Spring is here and while flowers are visible on Ventura County hillsides, another, more lethal bloom is bringing sickness to birds and sea lions along the coast. Domoic acid is suspected, a byproduct of a certain type of algae and not an uncommon cause — but this year, officials say, has been particularly bad.
On a bright Saturday morning at the San Buenaventura State Beach, a pair of park officials using a large net gently captured a bird sitting near the popular bike path. Without a fight, the bird was brought in for rehabilitation, suspected of being a victim of domoic acid poisoning.
When a bird or sea lion eats a fish that has consumed a large concentration of the algae, the domoic acid enters the brain of the animal and can cause seizures, brain damage and even death. Since the beginning of April, beachgoers have reported numerous sightings of discombobulated sea lions and sickly birds, more so than is normal at this time of year.
The bloom consists of groups of phytoplankton called dinoflagellates that, when reproducing rapidly, results in millions of cells in each gallon of water, according to the California Department of Public Health.
The red tide appears regularly off the coast, but California State University, Channel Islands, Assistant Professor of Biology Allison Alvarado says that this algae bloom has been particularly bad for marine life. Reasons the algae grows to such an extent is as yet unknown, Alvarado says, suggesting one possible factor might be the wet winter runoff bringing excess nutrients to the ocean, which could feed the algae.
“It has been pretty intense,” said Alvarado, whose specialty is terrestrial birds. “It was like thousands of birds were being found, and I’m not sure how many marine mammals, but quite a few.”
Exact numbers are still being tallied, says Ashley Spratt, public affairs specialist with the U.S. Fish and Wildlife Service based in Ventura. The outpost is charged with handling issues arising from endangered species, but because this algal bloom is occurring during the spring migratory months, the Wildlife Service is especially concerned.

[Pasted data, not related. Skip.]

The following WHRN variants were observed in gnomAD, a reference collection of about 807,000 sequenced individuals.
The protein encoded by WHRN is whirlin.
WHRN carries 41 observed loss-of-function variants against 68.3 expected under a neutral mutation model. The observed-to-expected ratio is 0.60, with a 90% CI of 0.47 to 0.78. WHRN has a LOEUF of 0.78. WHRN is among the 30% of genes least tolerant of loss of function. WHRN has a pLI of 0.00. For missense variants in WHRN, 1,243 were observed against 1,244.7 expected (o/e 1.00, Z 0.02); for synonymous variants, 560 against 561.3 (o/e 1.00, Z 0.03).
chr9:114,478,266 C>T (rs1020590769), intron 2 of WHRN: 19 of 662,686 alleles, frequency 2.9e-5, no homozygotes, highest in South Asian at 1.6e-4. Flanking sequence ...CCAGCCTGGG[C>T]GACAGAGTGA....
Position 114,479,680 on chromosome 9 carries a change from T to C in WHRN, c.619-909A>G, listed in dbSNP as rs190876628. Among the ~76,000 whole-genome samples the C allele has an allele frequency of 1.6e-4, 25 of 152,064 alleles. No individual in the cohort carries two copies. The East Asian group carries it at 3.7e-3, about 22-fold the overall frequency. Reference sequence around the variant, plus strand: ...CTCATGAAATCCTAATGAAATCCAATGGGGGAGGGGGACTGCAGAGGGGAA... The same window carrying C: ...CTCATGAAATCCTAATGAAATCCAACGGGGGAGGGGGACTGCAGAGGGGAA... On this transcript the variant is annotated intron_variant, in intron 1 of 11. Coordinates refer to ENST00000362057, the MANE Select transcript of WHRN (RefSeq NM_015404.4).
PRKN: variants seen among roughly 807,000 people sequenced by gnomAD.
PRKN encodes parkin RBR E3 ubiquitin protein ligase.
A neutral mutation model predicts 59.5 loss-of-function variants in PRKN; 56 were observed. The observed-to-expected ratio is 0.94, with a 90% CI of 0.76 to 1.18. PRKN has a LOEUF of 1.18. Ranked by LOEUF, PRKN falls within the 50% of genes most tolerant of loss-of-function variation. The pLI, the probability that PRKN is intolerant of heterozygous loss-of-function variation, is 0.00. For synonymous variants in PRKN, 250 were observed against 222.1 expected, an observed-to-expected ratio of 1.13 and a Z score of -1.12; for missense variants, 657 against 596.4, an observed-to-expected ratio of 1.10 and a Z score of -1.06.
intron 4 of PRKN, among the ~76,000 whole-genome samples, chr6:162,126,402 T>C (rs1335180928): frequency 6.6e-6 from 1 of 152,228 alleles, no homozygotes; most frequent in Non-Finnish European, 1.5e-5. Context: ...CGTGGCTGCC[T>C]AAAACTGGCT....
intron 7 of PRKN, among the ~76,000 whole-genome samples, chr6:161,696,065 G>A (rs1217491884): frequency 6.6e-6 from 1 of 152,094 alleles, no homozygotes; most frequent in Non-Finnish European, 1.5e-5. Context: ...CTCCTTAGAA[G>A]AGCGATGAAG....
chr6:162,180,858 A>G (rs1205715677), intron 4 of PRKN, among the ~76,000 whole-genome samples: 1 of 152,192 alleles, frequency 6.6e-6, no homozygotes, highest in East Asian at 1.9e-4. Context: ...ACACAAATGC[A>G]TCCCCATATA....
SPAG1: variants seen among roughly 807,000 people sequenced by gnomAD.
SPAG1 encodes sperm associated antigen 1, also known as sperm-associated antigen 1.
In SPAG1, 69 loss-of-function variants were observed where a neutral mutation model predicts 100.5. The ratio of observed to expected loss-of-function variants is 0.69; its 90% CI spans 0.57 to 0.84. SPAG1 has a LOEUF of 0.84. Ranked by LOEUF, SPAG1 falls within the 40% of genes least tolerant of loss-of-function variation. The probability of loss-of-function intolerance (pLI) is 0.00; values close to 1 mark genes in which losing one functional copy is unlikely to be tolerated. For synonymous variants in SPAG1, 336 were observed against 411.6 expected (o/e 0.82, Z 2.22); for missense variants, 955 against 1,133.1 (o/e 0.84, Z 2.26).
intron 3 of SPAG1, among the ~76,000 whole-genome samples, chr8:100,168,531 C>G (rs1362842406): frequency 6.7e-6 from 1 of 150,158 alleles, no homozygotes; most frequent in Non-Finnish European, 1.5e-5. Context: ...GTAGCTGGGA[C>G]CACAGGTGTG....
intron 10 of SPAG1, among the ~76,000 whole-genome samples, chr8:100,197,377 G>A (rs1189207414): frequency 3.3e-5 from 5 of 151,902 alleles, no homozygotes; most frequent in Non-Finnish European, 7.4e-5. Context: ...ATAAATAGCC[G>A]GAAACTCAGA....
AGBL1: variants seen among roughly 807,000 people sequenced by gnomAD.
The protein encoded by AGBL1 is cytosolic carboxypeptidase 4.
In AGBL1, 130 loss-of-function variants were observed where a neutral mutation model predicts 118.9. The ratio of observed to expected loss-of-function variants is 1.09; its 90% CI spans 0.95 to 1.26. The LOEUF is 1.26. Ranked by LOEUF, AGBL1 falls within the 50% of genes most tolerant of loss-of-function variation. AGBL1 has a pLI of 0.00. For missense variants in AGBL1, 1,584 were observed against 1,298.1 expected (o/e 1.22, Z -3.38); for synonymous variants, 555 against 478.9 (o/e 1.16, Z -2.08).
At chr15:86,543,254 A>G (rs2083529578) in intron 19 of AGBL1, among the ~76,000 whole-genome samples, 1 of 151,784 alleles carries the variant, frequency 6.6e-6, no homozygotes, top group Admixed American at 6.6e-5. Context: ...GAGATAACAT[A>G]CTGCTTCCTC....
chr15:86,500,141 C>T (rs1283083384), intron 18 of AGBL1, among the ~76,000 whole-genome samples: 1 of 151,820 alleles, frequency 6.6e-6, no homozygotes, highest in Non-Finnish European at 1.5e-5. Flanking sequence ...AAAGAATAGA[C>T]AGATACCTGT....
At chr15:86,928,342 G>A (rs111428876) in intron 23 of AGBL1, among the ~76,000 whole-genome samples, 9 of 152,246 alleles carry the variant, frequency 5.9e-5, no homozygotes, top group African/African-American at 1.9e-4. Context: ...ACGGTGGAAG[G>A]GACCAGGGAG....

“The majority of reports have included loons because they are currently migrating through the Santa Barbara channel on their spring migration,” said Spratt. Other animals currently being affected include grebes, cormorants, California brown pelicans and California sea lions. Spratt adds that the scope of the bloom will not be known for some time. “We’re in the analysis stage right now and that can take a couple weeks.”
Signs and symptoms of domoic acid poisoning are easily identifiable, says Spratt, and in animals can include “lethargy, their heads sway back and forth, foaming at the mouth, seizures, those are kind of what a person might see if they came across a bird or sea lion.”
Though domoic acid poisoning is suspected, the exact cause is not as yet determined since tests are ongoing.
Jenny Marek, senior wildlife biologist with the Wildlife Service in Ventura, says that the coast off Ventura seems to be a hot spot for most of the activity, though reports of unusual numbers of dead or sick animals along the coast stretch from as far north as Goleta and as far south as Malibu.
Marek says that citizen scientists alerted the Wildlife Service to the event when a monthly survey, dubbed the beachcombers program, found several loons on shore.
“We were seeing a lot of loons and that’s not one of the common species we see a whole lot of on our beaches,” said Marek. Loons primarily stay at sea, she says.
Capturing and rehabilitating the animals can be tricky and potentially dangerous for laypeople should they come across an animal and wish to provide assistance, says Marek.
“Once you get control of the head you can kind of scoop the body up and hold it like a football until you can get it into a crate,” said Marek, who advises that the Santa Barbara Wildlife Care Network will send experts to capture the animal for rehabilitation, if possible. “If you get [a loon] that’s not out of it, it can do some serious damage to a lay person trying to go up and get it. People have lost their eyes by being struck by a loon bill.”
On Friday, April 21, the Santa Barbara Channelkeeper began collecting samples of water from the channel from Santa Rosa Island to Tajiguas to the Santa Barbara coast, according to a post on the organization’s Instagram. Working in conjunction with University of California Santa Barbara researchers, the team is monitoring the “harmful algae bloom event” off the coast.
Beachgoers in Ventura are asked not to approach marine animals that appear in distress and to keep pets on leash.
To report a bird in distress: Santa Barbara Wildlife Care Network: 805-681-1080
To report a marine mammal in distress: Channel Islands Marine and Wildlife Institute (CIMWI): 805-567-1505, www.CIMWI.org.